8. Honeycutt, R. L., Frabotta, L. J., and Rowe, D. L. (2007). Rodent evolution, phylogenetics, and biogeography. In J. O. Wolff & P. W. Sherman (Eds.), Rodent societies: An ecological and evolutionary perspective (pp. 8–27). Chicago: The University of Chicago Press.Google Scholar
  9. Hurst, J. L., Payne, C. E., Nevison, C. M., Marie, A. D., et al. (2001). Individual recognition in mice mediated by major urinary proteins. Nature, 414, 631–634.CrossRefGoogle Scholar
  10. Lacey, E. A., & Sherman, P. W. (2007). The ecology of sociality in rodents. In J. O. Wolff & P. W. Sherman (Eds.), Rodent societies: An ecological and evolutionary perspective (pp. 243–254). Chicago: The University of Chicago Press.Google Scholar
  11. Narins, P. M., Stoeger, A. S., & O’Connell-Rodwell, C. (2016). Infrasonic and seismic communication in the vertebrates with special emphasis on the Afrotheria: An update and future directions. In R. A. Suthers, W. T. Fitch, R. R. Fay, & A. N. Popper (Eds.), Vertebrate sound production and acoustic communication (pp. 191–227). New York: Springer International Publishing.CrossRefGoogle Scholar
  12. Poling, A., Weetjens, B. J., Cox, C., Beyene, N. W., & Sully, A. (2010). Using giant African pouched rats (Cricetomys gambianus) to detect landmines. The Psychological Record, 60, 715–728.CrossRefGoogle Scholar
  13. Poling, A., Weetjens, B. J., Cox, C., Beyene, N. W., et al. (2011). Tuberculosis detection by giant African pouched rats. The Behavior Analyst, 34(1), 47–54.CrossRefPubMedPubMedCentralGoogle Scholar
  14. Portfors, C. V. (2007). Types and functions of ultrasonic vocalizations in laboratory rats and mice. Journal of the American Association for Laboratory Animal Science, 46(1), 28–34.PubMedGoogle Scholar
  15. Roberts, S. C. (2007). Scent marking. In J. O. Wolff & P. W. Sherman (Eds.), Rodent societies: An ecological and evolutionary perspective (pp. 255–266). Chicago: The University of Chicago Press.Google Scholar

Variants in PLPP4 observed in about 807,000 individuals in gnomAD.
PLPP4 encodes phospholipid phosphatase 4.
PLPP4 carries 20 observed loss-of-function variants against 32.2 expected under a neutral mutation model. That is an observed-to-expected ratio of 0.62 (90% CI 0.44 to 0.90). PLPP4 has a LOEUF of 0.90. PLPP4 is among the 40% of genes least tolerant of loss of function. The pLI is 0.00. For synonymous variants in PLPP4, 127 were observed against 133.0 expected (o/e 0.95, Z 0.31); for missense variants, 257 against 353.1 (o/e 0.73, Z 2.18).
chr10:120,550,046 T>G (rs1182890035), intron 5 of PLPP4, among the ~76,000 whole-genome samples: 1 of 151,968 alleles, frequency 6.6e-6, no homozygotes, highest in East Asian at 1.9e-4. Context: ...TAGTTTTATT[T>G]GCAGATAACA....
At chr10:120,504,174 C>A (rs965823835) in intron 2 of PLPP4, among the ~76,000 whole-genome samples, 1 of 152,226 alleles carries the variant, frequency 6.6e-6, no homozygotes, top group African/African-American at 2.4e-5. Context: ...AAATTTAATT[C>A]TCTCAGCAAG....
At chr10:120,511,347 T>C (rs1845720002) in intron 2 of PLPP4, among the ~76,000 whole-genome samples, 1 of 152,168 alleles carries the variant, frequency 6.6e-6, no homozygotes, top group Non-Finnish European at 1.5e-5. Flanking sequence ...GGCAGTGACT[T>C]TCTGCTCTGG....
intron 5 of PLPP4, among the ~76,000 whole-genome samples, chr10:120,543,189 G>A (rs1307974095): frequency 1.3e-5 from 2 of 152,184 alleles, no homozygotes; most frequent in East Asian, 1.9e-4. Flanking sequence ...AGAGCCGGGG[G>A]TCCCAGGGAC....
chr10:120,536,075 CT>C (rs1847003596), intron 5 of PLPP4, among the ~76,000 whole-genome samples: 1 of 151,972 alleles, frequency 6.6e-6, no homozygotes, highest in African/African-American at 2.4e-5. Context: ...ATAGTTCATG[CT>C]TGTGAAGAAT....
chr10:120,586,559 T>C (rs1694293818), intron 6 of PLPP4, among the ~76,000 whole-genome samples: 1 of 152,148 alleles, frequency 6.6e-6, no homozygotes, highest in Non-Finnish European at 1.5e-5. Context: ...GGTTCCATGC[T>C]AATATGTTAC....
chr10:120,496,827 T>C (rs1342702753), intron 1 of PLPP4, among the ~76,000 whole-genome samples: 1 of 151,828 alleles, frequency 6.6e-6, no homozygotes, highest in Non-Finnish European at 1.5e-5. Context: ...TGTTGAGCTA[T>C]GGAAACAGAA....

16. Vaughan, T. A. (1985). Mammalogy. Orlando, FL: Saunders College Publishing.Google Scholar
  17. Waterman, J. (2007). Male mating strategies in rodents. In J. O. Wolff & P. W. Sherman (Eds.), Rodent societies: An ecological and evolutionary perspective (pp. 27–41). Chicago: The University of Chicago Press.Google Scholar
  18. Waterston, R. H., Lindblad-Toh, K., Birney, E., Rogers, J., et al. (2002). Initial sequencing and comparative analysis of the mouse genome. Nature, 420, 520–562.CrossRefPubMedGoogle Scholar
  19. Weissbrod, L., Marshall, F. B., Vall, F. R., Khalaily, H. et al. (2017). Origins of house mice in ecological niches created by settled hunter-gatherers in the Levant 15,000 y ago. Proceedings of the National Academy of Sciences of the United States of America, 114(16), 4099–4104.CrossRefPubMedPubMedCentralGoogle Scholar

Copyright information

© Springer International Publishing AG, part of Springer Nature 2018

Authors and Affiliations

  1. 1.Department of PsychologyUniversity at Buffalo, SUNYBuffaloUSA

Personalised recommendations